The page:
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The freshers’ ‘slave auction’ wasn’t just ill-judged banter. It goes deeper

Students organising freshers’ week at Loughborough have been criticised for deciding to host a “slave auction” and “slave night”. At first glance, the slave auction appears to be another clichéd relic of banter that is expectedly divisive – some may find it funny, others may find it in bad taste. The decision to prohibit or condemn it is likely to be characterised as one made out of the intent of preventing offence. Of course, I highly doubt that the freshers’ committee is actively racist and does, in fact, condone slavery.

Yet a belief that the backlash against the event is due to the ‘offence’ it causes, neglects the fact that such “humour has repercussive harms for people of colour (PoC) that extend far beyond mere offense. The auction adds to an ongoing trend of appropriating historical injustices under the title of “banter” and “edginess”. It makes campus unwelcome to a core demographic group amongst the freshers that the very committee – ironically – is trying to welcome.

First, the would-be (now cancelled) auction trivialises the abhorrence of slavery. It portrays the dynamic of slavery as a vehicle for entertainment, as a source of comic relief. In particular, scheduling the event during black appreciation month allows for the auction to be read in conjunction with the subjugation of African Americans under the slave trade.

Of course, this is not to say that the joke slave auction is in any way equivalent to genuine slavery. Yet the harms brought about by trivialisation precisely do not derive from the imitation of the full harms of the historical slave trade, but the contrast of horrific images of slavery against the in-jokes and “banter” gained from the process.

The event is disrespectful because it exploits the images and discourses of suffering and places them within a comic context. This argument stands regardless of the demographics of the participants, and the extent to which the par- ticipating parties consent – the harm originates not from how it plays out in actuality, but the very symbolism of slavery being coopted and ‘modified’ for the sake of entertainment.

What’s more, the auction – alongside the “slave night”, “cowboys and Indians”, and various other events lined up for the week – exemplifies an ongoing trend of reappropriation of historical injustices. To laugh, to mock, to pay, to dominate, and to subjugate as a part of the slave auction is to posit that the denigration and dehumanisation of individuals can be funny.

To say dissenting voices “can’t take a joke” suggests that slavery can be a joke. Whilst this may be true for students whose history and current social statuses have suffered little at the hands of the transatlantic slave trade, the same could not be said for PoC who are continually reminded, by pathetic attempts to whitewash public memories that the suffering of there ancestors is up for debate, and can be obfuscated.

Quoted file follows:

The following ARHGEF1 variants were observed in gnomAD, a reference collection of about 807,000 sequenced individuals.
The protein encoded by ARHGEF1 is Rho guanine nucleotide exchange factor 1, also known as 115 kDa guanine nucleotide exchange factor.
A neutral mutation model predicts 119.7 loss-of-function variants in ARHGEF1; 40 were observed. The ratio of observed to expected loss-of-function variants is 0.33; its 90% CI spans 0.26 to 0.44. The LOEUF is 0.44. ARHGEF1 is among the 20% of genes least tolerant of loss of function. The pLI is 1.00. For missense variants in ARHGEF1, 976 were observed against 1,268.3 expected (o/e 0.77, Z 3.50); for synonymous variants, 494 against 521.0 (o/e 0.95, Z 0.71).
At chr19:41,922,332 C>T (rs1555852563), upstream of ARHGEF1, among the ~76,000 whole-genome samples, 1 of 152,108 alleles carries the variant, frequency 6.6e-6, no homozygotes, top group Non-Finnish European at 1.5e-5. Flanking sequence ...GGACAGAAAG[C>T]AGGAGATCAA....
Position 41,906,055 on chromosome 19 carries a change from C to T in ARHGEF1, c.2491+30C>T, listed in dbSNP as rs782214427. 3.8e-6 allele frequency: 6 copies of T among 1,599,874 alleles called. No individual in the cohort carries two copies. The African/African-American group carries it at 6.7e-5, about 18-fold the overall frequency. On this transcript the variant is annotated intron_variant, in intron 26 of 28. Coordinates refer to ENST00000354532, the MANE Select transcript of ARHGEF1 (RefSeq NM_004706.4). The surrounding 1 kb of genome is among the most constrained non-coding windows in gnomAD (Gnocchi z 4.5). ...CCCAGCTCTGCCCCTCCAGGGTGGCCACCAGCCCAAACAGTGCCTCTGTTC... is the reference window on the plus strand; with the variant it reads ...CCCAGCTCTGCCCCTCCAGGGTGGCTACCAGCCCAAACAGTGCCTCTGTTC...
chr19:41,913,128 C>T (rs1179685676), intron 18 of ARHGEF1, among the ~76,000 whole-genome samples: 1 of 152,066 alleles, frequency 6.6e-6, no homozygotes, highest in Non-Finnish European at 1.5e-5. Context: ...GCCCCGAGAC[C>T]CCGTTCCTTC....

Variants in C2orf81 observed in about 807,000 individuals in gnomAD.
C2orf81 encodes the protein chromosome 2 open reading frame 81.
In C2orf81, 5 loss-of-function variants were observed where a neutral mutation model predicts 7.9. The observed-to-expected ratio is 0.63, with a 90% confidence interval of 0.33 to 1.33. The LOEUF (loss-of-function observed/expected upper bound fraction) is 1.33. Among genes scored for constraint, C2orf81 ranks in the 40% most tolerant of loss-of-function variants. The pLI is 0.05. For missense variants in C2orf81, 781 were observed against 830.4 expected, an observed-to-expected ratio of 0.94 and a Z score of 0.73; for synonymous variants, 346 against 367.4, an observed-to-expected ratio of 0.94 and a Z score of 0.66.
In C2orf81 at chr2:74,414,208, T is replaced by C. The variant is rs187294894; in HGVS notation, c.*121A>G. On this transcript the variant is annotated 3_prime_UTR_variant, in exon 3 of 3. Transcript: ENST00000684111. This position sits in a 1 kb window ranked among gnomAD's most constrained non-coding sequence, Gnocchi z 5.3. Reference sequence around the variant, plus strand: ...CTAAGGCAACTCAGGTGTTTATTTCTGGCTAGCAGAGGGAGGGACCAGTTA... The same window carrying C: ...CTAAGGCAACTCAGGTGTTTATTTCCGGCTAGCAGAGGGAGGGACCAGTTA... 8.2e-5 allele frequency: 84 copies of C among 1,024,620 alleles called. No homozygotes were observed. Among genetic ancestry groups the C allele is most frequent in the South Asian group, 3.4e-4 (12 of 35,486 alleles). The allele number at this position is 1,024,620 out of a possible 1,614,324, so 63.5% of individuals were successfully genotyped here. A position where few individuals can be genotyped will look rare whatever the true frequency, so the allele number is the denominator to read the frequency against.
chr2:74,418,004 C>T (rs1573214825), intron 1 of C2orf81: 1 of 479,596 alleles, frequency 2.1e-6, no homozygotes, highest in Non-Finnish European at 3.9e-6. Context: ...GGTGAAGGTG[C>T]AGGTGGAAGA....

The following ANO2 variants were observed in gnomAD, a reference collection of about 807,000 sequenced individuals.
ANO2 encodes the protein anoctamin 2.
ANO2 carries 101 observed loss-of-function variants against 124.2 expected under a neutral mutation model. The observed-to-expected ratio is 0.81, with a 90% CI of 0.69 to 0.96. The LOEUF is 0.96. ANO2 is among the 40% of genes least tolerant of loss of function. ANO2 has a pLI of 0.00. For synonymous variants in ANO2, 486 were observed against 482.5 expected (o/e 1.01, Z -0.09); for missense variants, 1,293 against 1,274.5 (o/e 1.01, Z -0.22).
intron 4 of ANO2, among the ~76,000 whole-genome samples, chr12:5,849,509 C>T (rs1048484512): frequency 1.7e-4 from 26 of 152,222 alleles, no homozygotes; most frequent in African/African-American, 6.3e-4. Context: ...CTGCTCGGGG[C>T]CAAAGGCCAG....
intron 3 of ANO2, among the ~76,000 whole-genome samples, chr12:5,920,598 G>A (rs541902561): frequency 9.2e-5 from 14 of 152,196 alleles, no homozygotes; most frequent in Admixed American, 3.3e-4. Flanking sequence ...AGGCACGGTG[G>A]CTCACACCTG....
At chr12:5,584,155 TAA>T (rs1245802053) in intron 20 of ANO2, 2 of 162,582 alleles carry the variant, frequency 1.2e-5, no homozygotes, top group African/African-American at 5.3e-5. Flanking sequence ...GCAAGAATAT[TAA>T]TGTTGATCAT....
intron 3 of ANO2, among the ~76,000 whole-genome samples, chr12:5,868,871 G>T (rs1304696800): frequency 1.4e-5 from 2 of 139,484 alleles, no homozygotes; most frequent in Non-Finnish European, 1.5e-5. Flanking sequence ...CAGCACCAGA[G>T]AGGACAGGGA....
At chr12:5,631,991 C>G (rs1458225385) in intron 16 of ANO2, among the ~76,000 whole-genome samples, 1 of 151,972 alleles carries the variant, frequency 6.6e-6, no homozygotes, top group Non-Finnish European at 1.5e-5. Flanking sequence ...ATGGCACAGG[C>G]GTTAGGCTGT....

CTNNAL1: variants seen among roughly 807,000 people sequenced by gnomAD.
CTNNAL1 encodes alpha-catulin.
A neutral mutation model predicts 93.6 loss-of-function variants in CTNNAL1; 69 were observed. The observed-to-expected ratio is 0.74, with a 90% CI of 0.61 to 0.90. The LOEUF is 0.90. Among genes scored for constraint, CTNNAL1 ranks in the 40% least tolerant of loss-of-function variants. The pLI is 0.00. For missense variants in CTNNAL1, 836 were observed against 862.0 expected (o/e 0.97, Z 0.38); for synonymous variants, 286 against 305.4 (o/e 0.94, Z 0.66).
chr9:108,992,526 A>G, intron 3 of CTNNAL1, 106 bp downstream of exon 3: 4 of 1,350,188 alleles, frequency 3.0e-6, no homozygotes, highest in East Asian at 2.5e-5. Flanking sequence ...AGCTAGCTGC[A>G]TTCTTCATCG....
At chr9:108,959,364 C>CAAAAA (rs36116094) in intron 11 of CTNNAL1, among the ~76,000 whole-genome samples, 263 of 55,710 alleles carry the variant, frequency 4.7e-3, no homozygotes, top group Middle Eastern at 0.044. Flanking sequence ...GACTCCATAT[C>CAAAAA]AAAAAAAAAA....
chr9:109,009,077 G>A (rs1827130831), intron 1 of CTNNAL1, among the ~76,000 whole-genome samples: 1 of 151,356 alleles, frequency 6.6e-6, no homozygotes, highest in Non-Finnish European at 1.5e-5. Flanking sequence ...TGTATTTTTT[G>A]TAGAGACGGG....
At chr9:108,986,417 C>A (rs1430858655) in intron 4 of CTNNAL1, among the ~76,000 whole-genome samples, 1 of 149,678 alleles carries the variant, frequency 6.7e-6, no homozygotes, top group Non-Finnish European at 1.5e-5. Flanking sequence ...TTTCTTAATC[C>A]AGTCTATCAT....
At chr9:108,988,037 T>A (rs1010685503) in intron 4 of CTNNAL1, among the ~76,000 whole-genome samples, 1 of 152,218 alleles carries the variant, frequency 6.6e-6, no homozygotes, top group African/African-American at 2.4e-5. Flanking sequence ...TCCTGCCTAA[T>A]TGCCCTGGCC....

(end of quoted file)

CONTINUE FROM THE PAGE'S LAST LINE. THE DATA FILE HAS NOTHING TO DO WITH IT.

The purpose of a freshers’ committee is to make the incoming students feel safe. The experiences of incoming students are supposed to matter – particularly when the entertainment brings along with it little to no constructive value beyond deriving mirth from the wounds and pains of victims of the slave trade in the past.

Finally, such auctions or “banter” make the campus deeply unwelcoming for students of colour. Notice that the very same historical events could be experienced and interpreted differently by individuals from different racial or socioeconomic backgrounds. A white individual may conceptualise slavery as an egregious error, as a relic of the past, and as a historical atrocity that is apparently not in any way equivalent to the parody put on by the freshers’ committee at Loughborough University.

For many students, slavery is an event of the past. Yet for many PoC living in an actively racist society filled with oppressive incarceration complexes, discriminatory employers and police forces, and bigots emboldened by recent events such as Brexit and Trump’s presidency, the power dynamics of white subjugation and dominance are still very much present and active.

For many PoC – particularly freshers who are unlikely to have had extensive opportunities to build up supportive networks of friends at the university prior to arrival – the so-called ‘joke’ auc- tion sends out the signal that the campus may not take their experiences of racism seriously, or that the students they interact with may nd their present subjugation a potential subject of humour.

The “anti-PC” movement brands students who object to racist, sexist, or bigoted speech (in gen- eral) as ‘snow flakes’. It’s easy to accuse others of being snow akes when one is blinded by one’s own privilege. It’s also very easy to nd others’ suffering and historical injustice hilarious “banter” when it’s not you whose historical and present experiences are bound up with the oppression of the past. The liberal consensus is that campus environments are overwhelmingly safe for minorities and oppressed groups. Incidents like those at Loughborough suggest that there is a long way to go prior to that idea becoming the reality.

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